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Can Facebook pursue a social mission and go public at the same time?

Mark Zuckerberg says Facebook is about more than making money – it has a 'social mission to make the world more open and connected.' Are the two goals compatible?

By Esha ChhabraDowser.org / February 7, 2012

Facebook founder and CEO Mark Zuckerberg speaks to reporters at Harvard University in Cambridge, Mass., in November. While Facebook prepares for a public stock offering Zuckerberg has also told the public and potential investors that his company has a 'social mission' too.

Brian Snyder/Reuters/File

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Facebook’s IPO listing [Initial Public Offering, or first sale of stock to the public] has caused quite a stir in the business community.  

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But Zuckerberg writes in a lengthy letter that his missions behind Facebook are not purely monetary. Rather, he writes that Facebook was created with “a social mission – to make the world more open and connected.”  And he goes on to say, “We don’t build services to make money; we make money to build better services."

 "Facebook was not originally founded to be a company. We've always cared primarily about our social mission, the services we're building and the people who use them. This is a different approach for a public company to take, so I want to explain why I think it works...,” Zuckerberg says.

Bear in mind that this is a letter reaching out to potential investors. And its focus is not just on the monetary charms of getting a piece of the Facebook pie. Rather, Zuckerberg is arguing for a broader, deeper social impact.

So, what was the response to this social sentiment?

I would suspect that Mark Zuckerberg could say whatever he wants, but he’s probably still going to find that Wall Street is going to influence how he runs his company, said Danny Sullivan, an expert on the industry and editor of the web site Search Engine Land, to the New York Times.

Tom Foremski, a former FT journalist and blogger, called it a “vague” social mission without an outline of how the company would use some of its profits for social impact, either through a foundation or some other charitable organization.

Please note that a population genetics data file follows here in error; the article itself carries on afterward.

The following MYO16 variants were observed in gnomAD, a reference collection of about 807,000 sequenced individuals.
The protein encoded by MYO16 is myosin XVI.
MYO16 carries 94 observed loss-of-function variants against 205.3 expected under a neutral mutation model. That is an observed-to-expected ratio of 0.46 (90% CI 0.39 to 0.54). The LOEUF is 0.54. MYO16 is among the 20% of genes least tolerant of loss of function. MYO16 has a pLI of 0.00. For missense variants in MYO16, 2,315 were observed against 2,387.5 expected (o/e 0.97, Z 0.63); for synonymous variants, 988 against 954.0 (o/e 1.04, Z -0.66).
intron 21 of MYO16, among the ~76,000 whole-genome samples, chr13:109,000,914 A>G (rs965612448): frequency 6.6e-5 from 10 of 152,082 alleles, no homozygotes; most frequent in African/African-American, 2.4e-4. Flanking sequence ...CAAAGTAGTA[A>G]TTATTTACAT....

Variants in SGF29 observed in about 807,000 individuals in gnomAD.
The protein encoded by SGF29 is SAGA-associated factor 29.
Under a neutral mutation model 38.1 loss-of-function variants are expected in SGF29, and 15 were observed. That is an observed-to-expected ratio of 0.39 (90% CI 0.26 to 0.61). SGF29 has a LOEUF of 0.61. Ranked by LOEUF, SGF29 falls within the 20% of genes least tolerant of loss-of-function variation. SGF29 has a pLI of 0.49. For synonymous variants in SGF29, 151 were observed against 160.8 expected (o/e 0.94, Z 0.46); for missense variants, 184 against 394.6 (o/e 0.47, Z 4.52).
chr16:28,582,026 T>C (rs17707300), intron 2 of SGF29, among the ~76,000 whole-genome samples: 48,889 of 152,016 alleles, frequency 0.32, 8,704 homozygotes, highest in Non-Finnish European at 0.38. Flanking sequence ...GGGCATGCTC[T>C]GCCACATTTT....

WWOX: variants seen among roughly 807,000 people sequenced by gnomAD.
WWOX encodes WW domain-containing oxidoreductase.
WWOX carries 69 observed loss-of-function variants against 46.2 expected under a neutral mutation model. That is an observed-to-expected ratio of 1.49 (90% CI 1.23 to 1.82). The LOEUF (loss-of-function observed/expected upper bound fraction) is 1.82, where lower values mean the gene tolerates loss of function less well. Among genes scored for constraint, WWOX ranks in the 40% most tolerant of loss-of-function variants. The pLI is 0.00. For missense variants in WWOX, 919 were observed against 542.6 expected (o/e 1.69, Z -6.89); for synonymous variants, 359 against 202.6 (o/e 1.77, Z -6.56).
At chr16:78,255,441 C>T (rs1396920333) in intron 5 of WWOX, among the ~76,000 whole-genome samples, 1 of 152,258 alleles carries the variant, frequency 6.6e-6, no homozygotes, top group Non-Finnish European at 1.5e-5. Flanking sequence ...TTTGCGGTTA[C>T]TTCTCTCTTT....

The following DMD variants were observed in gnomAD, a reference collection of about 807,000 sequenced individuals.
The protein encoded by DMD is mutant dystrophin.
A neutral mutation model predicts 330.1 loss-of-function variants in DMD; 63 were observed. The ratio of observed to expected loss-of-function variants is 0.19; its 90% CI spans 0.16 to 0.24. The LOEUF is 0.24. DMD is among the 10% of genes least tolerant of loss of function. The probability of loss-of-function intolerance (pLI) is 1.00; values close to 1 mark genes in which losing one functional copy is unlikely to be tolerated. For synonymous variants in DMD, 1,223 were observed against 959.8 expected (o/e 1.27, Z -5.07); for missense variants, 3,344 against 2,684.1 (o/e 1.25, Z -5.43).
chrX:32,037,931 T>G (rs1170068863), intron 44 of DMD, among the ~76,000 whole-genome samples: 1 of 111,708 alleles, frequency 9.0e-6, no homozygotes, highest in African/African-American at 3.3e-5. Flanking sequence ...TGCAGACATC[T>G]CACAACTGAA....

“But that's about as far as he gets. He spends many paragraphs saying pretty much not much at all, wishy-washy phrases, said in different ways: how Facebook enables people to share, that sharing is good, that open government is good, and that sharing helps people's relationships; and how it's good to connect people, and to give people voice. At times he makes Facebook sound like a phone company. Reach out and share with someone – it makes the world a better place.”

While Facebook is anything but a social enterprise, Zuckerberg’s emphasis on the "social mission" of the company sparked debate about a multimillion- (or even billion-) dollar company talking about social impact but asking for $5 billion – are those two concepts compatible?

The SF Chronicle echoed this: "These days I think more and more people want to use services from companies that believe in something beyond simply maximizing profits," wrote Zuckerberg, who could be worth as much as $28.4 billion after the IPO.

Time Magazine’s Sam Gustin suggests that the two can co-exist, writing: "It’s also a dramatic example of a generational shift taking place among the entrepreneurial class, one that elevates social change as a priority along with commercial success." What do you think - purely commercial or possibly a blended approach of social and commercial?

This article originally appeared at Dowser.org.

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